What values are our families getting from a steady diet of the splashy lives of Hollywood celebrities? While there are some really fine famous people with solid marriages and healthy families, they are either the exception, or they just don't make the news. Here are four negative take aways we get from our preoccupation with Hollywood celebrities.
1. Lie when it's convenient
Too often celebrities seem to make their own rules with little sense of the consequences. NBC news anchor Brian Williams is a case in point. In one of his own broadcasts, he claimed to be on a helicopter that was shot down a dozen years ago in Iraq. This was not the first time he had told this story. To quote Mr. Williams, "The helicopter we were traveling in was forced down after being hit by an R.P.G." He went on to say that he had been "rescued, surrounded and kept alive" by an army platoon.
The problem is that his story is pure fabrication. His helicopter arrived on the scene after the helicopter that actually was shot down had crashed. He has since claimed that he "conflated events in his memory." It's one thing to exaggerate the size of a fish you caught, it's quite another to knowingly appropriate someone else's story and make it your own.
Telling the truth is essential. Personal accountability is an important cornerstone of a healthy society.
2. Living together is normal and multiple marriages are standard
Some of you may have watched old black and white television productions such as "Leave it to Beaver," or "The Donna Reed Show." While many folks today laugh at what they now call antiquated and unrealistic portrayals of families, those shows touted solid marriages and intact families. And why were they popular? Because they mirrored the ideals our society valued at the time.
It's certainly true that people got divorced in the 50s, but when they did, it was a cause for sadness, not celebration. Far fewer people lived together before marriage then, and for those rare people who did, they certainly didn't broadcast it, because it simply wasn't acceptable behavior.
So many of our Hollywood celebrities now seem to move in and out of multiple marriages with a certain sense of regularity.
What will our definition of marriage and family be 50 years from now?
3. Overt and dangerous sexuality is acceptable
The now popular and "glamorous" film Fifty Shades of Grey, was released on Valentine's Day.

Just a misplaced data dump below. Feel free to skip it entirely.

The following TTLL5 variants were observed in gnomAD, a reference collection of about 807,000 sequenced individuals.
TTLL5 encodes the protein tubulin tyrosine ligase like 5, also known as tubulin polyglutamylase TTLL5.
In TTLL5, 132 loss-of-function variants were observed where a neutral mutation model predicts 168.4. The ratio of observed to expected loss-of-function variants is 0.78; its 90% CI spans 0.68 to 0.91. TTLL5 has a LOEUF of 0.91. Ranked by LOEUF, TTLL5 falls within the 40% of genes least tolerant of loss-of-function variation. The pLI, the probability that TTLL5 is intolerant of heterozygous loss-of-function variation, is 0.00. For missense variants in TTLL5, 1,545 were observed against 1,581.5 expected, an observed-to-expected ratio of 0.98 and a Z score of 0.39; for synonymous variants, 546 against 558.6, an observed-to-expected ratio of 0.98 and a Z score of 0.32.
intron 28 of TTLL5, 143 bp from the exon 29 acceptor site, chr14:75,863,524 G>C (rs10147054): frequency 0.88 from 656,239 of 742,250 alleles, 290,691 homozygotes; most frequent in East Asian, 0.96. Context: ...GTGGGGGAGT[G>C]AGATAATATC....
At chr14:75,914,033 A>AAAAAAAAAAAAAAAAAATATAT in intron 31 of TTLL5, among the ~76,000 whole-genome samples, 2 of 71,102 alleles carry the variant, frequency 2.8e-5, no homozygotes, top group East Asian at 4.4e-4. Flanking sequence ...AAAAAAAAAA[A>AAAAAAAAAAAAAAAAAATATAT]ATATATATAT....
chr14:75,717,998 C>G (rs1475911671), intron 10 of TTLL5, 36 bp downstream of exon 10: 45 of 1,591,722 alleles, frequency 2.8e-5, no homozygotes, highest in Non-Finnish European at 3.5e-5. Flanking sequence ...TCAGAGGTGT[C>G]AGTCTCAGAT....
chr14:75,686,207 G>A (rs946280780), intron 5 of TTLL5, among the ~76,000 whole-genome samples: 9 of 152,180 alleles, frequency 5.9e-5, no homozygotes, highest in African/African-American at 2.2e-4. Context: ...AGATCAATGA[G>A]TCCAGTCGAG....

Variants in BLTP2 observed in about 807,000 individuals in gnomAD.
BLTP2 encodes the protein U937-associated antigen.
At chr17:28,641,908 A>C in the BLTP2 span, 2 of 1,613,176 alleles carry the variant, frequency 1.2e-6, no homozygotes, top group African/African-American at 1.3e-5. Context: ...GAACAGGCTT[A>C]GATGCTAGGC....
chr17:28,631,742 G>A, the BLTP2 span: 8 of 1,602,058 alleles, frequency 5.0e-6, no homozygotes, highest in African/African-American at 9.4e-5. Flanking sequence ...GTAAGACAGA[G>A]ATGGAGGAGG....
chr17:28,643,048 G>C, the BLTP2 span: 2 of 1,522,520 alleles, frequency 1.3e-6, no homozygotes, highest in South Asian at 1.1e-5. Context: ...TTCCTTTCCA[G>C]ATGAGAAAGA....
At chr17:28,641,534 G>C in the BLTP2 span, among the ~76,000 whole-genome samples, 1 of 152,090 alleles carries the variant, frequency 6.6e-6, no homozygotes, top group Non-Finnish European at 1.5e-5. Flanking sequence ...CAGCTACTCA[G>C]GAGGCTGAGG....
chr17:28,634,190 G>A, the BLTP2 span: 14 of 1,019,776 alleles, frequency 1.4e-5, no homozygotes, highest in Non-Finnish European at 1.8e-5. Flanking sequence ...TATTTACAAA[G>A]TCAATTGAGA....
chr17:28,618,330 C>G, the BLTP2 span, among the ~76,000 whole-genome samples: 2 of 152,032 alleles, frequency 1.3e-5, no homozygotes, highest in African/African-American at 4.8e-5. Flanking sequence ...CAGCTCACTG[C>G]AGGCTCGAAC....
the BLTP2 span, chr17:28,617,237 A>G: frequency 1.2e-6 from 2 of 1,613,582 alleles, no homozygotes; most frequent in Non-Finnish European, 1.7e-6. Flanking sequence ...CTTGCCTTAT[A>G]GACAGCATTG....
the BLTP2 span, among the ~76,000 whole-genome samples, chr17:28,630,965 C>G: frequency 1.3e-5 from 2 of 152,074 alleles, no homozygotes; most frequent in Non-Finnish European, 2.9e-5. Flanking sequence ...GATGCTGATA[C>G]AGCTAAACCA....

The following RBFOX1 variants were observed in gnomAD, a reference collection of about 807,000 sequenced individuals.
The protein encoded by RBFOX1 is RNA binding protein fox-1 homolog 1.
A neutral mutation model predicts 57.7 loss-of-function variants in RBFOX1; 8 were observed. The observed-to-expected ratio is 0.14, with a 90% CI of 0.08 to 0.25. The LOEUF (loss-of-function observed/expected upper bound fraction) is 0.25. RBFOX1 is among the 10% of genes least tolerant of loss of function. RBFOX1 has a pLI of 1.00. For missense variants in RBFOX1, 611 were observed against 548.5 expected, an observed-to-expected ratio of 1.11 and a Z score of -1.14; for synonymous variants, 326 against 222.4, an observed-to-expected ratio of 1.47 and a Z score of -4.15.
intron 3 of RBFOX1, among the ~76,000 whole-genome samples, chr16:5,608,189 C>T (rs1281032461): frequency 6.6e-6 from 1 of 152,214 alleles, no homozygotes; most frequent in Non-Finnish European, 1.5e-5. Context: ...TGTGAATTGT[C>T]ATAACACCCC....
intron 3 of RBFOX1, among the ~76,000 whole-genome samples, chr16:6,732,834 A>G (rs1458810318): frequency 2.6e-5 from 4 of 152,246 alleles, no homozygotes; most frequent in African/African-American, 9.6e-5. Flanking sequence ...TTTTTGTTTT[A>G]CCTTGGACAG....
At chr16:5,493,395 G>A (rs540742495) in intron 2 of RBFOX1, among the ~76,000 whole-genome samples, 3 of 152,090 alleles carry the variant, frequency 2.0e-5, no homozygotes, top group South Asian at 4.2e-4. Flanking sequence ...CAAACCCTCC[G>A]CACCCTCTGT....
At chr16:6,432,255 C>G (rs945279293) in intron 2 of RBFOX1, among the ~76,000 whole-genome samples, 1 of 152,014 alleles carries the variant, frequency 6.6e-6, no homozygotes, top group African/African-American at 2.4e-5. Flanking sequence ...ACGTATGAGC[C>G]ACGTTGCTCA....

"Even if you don't see the film, its toxic message is seeping into our culture. The movie is actually about a sick, dangerous relationship filled with physical and emotional abuse," said Miriam Grossman, MD, in her Feb. 11 article. "It seems glamorous, because the actors are gorgeous, have expensive cars, and planes, and Beyonce is singing."
Not only have faith leaders asked their congregants to boycott the movie, but, according to an article published Feb. 6 in the International Business Times, "domestic violence advocates have urged people to boycott the film."
Explicit sex and glamorizing abuse are not the messages we want seeping into our homes and families.
4. An excess of anything is OK, including drugs
We watch movies where glamorous, wealthy people abuse drugs to have fun at parties. It may begin to seem normal to use hard drugs for recreational purposes. Movie makers are often careful not to show people smoking, but they're not as careful about showing people doing drugs or abusing alcohol.
In reality, there have been several tragic stories reported this past year of celebrities who took their own lives in drug related incidents.
Cool people don't do drugs.
Where are we getting our values?
We used to derive our standards of behavior from our schools, churches, and close knit communities. Today, schools aren't allowed to teach values, and far fewer of us go to church. Is our fascination with celebrities driving our family values in the wrong direction? Are we moving toward a state of moral relativism, where there is no real standard of right and wrong?
A society is strong, when the values it holds produce solid marriages and healthy children.